Germany sees increase in number of startups ‘launched by people with migrant background’

Germany is benefiting from an increasing number of businesses founded by people with migration roots, a study has found.

Germany sees increase in number of startups 'launched by people with migrant background'
Archive photo shows a co-working space in Berlin. Photo: DPA

More than one in four business startups last year were founded by foreign people or those with migrant roots, a new study has found. 

And according to research by KfW Bank, the proportion rose significantly last year.

It comes after Mainz-based BioNTech, which was co-founded by a couple who are both children of Turkish immigrants to Germany, was thrust into the spotlight around the world due to their potential coronavirus vaccine.

BioNTech was founded 12 years ago by oncologist Ugur Sahin and his wife Özlem Türeci. Sahin, who was born in Turkey and later came to Germany with his parents, received his doctorate in Cologne. Türeci, who was born in Germany, completed her doctorate in Homburg, Saarland.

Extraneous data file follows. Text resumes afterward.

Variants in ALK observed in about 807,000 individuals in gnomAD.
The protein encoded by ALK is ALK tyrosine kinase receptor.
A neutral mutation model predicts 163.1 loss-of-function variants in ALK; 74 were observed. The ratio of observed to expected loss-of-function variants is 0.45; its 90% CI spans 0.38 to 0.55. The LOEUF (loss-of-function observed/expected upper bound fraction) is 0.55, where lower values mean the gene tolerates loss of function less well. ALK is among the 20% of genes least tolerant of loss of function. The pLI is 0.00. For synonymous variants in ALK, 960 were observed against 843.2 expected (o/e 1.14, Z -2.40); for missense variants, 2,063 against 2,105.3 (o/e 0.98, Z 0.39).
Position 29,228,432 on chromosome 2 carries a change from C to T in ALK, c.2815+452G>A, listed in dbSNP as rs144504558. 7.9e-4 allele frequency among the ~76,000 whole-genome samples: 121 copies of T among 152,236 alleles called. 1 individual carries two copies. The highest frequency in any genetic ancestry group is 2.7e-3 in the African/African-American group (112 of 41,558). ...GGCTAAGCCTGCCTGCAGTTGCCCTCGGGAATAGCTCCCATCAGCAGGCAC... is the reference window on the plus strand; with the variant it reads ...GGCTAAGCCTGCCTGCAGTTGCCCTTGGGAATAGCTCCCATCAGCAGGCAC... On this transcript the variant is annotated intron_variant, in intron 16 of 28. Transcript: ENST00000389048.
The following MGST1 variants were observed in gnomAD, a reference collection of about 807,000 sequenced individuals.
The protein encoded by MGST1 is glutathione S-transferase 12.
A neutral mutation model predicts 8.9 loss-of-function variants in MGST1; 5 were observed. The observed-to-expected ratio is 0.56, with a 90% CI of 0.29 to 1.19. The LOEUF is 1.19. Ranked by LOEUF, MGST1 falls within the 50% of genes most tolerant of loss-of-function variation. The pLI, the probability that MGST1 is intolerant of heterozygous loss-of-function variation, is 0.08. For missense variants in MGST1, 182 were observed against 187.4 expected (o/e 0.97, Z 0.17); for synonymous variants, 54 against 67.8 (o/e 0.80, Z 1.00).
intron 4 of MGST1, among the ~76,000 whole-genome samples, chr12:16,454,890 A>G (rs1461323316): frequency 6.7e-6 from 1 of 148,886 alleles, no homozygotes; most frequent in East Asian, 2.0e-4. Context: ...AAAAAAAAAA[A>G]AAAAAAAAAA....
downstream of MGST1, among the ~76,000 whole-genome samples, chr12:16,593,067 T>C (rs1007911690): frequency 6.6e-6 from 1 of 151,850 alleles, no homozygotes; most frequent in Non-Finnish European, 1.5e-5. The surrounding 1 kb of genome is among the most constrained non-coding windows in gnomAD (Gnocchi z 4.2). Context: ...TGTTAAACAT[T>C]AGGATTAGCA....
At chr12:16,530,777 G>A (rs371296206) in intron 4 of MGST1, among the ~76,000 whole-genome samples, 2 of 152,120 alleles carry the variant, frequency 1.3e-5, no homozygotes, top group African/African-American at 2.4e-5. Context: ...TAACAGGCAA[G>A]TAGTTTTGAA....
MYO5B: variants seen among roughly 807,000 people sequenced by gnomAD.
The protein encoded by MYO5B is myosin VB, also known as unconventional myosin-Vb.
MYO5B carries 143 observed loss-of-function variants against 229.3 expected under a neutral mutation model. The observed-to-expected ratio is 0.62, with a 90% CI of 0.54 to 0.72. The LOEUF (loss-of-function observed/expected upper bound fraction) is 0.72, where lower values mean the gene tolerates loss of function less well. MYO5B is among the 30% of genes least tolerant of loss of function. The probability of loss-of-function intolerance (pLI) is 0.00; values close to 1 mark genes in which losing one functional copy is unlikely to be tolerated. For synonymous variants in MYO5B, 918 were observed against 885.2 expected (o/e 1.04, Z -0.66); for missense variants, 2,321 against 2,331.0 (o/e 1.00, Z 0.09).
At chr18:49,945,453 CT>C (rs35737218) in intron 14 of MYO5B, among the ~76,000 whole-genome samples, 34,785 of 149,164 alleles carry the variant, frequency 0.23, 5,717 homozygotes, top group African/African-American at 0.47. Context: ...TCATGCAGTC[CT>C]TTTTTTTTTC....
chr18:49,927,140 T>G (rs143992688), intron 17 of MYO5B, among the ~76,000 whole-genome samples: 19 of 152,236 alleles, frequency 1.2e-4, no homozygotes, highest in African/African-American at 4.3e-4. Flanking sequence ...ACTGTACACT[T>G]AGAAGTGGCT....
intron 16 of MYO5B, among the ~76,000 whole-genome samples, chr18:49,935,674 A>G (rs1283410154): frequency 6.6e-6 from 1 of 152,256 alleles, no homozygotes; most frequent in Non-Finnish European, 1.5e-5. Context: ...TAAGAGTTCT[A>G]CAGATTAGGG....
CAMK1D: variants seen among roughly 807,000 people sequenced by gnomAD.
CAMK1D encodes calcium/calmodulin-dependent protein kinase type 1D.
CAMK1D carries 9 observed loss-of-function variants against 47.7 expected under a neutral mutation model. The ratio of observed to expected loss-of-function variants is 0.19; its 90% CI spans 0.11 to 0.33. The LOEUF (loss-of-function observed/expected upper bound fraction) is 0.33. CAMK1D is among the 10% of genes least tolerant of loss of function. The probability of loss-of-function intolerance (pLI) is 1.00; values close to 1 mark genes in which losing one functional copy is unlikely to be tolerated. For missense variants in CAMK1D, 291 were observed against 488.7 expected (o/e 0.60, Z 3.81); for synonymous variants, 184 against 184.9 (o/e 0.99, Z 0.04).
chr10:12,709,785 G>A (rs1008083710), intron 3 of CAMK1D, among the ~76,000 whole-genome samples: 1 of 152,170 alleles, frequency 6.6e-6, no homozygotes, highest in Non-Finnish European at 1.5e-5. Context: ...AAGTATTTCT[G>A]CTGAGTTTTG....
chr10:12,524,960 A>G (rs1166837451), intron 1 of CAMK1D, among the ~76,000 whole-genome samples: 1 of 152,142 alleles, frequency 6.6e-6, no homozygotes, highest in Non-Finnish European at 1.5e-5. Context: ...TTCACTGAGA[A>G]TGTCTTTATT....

READ ALSO: Here's how many people in Germany have a migrant background

The biotech company is just one example of a successful German business founded by people with a migration background. According to the KfW Bank study, these firms play an important role for the German economy.

“Startups are important for the power of renewal and thus for the future viability of an economy,” said Fritzi Köhler-Geib, Chief Economist of the state-owned development bank KfW.

“Germany has therefore been benefiting for many years from the greater willingness of migrants to set up their own businesses.” This was evident in 2019, she added.

Last year there were a recorded 605,000 business startups in Germany – and in about 160,000 cases the founders had a migration background.

The share rose significantly by five percentage points to 26 percent compared to 2018, the evaluation by the KfW Start-up Monitor shows. According to Köhler-Geib, the spirit of innovation and the growth of migrants holds great opportunities.

READ ALSO: Four things to know about the German firm leading the Covid-19 vaccine race